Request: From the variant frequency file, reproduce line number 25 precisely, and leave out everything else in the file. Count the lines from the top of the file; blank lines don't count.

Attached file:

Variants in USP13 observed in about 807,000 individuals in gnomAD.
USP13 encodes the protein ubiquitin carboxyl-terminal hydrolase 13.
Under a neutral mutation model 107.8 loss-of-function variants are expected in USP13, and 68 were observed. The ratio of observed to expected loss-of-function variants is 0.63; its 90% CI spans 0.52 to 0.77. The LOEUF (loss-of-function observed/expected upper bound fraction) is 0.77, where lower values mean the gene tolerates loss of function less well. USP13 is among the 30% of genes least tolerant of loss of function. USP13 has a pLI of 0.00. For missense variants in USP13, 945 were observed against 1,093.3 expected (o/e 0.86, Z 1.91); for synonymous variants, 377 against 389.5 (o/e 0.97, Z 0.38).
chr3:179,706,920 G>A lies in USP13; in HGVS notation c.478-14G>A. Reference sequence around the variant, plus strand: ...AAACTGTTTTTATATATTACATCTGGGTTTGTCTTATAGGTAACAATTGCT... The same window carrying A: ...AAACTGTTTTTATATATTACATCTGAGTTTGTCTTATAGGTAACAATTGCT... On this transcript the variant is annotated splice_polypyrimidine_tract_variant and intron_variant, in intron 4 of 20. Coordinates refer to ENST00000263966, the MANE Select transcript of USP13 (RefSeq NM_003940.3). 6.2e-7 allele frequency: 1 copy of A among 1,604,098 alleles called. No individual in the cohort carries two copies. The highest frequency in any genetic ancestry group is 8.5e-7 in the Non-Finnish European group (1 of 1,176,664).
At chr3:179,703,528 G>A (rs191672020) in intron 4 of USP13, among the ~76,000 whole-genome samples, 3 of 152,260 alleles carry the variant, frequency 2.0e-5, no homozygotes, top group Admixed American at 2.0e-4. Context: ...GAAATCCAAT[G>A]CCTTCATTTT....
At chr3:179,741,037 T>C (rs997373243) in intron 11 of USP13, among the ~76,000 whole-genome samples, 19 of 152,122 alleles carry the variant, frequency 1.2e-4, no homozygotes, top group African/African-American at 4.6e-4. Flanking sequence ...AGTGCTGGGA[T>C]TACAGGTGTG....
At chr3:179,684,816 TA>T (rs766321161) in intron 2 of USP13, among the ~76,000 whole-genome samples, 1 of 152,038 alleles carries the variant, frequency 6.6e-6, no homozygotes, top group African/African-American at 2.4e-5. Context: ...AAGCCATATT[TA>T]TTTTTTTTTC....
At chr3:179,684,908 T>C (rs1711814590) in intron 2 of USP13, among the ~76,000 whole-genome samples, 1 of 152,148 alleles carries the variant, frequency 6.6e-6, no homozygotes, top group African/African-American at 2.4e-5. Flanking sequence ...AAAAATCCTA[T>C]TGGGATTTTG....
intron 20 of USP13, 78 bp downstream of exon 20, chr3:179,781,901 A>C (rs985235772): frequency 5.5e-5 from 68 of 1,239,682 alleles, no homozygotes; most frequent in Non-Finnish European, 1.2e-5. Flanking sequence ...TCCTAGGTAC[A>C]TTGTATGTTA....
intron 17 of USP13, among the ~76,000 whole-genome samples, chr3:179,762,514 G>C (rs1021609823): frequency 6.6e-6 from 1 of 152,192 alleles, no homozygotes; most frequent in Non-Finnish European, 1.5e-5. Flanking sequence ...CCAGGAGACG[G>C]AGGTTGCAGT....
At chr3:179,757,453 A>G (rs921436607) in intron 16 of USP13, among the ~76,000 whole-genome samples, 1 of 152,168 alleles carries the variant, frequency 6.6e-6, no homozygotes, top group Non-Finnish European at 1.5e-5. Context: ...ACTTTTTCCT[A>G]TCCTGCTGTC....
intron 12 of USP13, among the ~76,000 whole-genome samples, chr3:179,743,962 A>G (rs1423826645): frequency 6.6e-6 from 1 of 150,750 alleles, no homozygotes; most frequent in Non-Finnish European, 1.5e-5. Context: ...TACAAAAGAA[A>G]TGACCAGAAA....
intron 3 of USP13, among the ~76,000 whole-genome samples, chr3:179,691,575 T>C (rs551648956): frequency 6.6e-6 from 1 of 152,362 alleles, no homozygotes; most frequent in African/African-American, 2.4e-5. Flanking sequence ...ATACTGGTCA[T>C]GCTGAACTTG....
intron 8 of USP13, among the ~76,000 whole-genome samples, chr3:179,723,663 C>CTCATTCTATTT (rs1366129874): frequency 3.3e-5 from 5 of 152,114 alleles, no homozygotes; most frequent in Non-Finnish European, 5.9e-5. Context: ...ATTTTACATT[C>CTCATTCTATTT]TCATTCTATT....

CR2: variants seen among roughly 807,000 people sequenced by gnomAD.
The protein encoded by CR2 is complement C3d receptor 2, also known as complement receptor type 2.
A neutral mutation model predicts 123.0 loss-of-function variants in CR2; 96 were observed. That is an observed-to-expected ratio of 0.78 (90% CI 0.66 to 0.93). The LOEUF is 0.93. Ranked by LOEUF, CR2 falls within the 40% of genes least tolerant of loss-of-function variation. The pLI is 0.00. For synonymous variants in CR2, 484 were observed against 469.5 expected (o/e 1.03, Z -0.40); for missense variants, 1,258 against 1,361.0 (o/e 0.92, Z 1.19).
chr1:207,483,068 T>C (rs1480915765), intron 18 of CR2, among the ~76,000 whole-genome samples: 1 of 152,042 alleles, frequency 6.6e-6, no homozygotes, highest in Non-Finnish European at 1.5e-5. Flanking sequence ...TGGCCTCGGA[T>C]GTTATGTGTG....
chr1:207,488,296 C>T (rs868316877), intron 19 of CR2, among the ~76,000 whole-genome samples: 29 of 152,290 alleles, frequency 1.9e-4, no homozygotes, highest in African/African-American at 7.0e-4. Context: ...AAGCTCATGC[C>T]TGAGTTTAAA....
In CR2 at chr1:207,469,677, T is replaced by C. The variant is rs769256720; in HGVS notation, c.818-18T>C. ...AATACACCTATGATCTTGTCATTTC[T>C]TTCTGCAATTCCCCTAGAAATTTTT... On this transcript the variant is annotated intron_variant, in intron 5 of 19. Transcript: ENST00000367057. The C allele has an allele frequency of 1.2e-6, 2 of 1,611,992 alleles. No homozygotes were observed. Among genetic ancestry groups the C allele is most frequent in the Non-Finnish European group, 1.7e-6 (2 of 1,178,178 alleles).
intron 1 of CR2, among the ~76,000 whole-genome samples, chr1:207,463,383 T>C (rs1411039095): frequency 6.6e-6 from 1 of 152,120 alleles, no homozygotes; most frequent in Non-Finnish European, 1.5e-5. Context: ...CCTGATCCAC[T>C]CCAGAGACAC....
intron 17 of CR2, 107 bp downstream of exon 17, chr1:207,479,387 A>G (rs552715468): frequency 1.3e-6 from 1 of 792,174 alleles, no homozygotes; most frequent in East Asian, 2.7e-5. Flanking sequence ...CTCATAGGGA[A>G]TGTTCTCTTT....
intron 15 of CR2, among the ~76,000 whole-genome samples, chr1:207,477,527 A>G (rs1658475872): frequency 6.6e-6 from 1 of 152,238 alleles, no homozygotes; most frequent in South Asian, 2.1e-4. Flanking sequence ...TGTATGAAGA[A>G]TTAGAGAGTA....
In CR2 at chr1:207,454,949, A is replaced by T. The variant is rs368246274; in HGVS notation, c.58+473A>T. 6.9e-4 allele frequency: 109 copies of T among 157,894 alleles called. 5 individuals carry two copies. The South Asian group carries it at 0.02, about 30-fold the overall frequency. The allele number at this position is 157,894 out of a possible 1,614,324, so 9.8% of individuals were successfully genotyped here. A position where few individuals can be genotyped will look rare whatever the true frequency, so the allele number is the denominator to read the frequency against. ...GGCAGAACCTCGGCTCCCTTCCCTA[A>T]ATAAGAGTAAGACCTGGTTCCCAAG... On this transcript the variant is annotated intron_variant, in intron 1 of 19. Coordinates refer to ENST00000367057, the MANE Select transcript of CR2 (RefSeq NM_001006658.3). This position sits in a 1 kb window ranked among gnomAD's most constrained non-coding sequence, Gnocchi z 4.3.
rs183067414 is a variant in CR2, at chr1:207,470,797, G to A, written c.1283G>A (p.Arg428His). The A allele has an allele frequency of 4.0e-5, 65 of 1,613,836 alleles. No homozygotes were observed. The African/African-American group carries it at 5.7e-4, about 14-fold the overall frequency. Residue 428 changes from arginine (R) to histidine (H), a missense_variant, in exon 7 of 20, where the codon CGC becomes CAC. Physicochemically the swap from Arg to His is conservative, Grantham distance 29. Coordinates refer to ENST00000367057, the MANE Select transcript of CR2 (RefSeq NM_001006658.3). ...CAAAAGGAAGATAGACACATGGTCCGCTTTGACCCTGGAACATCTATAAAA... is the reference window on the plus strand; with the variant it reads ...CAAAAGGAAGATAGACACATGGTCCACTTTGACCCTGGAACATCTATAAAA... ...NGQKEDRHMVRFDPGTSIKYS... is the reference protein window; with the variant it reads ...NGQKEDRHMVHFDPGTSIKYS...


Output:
rs183067414 is a variant in CR2, at chr1:207,470,797, G to A, written c.1283G>A (p.Arg428His). The A allele has an allele frequency of 4.0e-5, 65 of 1,613,836 alleles. No homozygotes were observed. The African/African-American group carries it at 5.7e-4, about 14-fold the overall frequency. Residue 428 changes from arginine (R) to histidine (H), a missense_variant, in exon 7 of 20, where the codon CGC becomes CAC. Physicochemically the swap from Arg to His is conservative, Grantham distance 29. Coordinates refer to ENST00000367057, the MANE Select transcript of CR2 (RefSeq NM_001006658.3). ...CAAAAGGAAGATAGACACATGGTCCGCTTTGACCCTGGAACATCTATAAAA... is the reference window on the plus strand; with the variant it reads ...CAAAAGGAAGATAGACACATGGTCCACTTTGACCCTGGAACATCTATAAAA... ...NGQKEDRHMVRFDPGTSIKYS... is the reference protein window; with the variant it reads ...NGQKEDRHMVHFDPGTSIKYS...